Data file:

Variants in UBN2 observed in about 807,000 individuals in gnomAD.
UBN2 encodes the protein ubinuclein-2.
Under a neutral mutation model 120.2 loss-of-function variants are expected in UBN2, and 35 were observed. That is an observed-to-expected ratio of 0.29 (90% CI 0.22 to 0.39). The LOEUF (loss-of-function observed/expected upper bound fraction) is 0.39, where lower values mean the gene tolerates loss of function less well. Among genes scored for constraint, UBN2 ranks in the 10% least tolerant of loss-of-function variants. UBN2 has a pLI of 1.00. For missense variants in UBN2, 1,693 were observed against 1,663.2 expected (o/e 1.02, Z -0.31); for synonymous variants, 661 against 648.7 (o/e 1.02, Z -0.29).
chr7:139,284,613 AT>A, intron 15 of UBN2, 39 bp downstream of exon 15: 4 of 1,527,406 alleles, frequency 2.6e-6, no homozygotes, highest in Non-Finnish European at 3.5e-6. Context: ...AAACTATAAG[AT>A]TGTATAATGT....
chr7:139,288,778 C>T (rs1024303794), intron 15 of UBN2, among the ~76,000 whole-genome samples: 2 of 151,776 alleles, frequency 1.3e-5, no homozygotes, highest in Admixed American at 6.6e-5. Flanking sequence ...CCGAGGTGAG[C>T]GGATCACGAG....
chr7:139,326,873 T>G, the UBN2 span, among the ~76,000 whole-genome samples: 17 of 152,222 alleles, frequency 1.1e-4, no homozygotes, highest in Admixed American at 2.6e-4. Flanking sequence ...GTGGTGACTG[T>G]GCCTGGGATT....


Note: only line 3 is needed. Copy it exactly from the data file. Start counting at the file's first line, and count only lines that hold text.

Under a neutral mutation model 120.2 loss-of-function variants are expected in UBN2, and 35 were observed. That is an observed-to-expected ratio of 0.29 (90% CI 0.22 to 0.39). The LOEUF (loss-of-function observed/expected upper bound fraction) is 0.39, where lower values mean the gene tolerates loss of function less well. Among genes scored for constraint, UBN2 ranks in the 10% least tolerant of loss-of-function variants. UBN2 has a pLI of 1.00. For missense variants in UBN2, 1,693 were observed against 1,663.2 expected (o/e 1.02, Z -0.31); for synonymous variants, 661 against 648.7 (o/e 1.02, Z -0.29).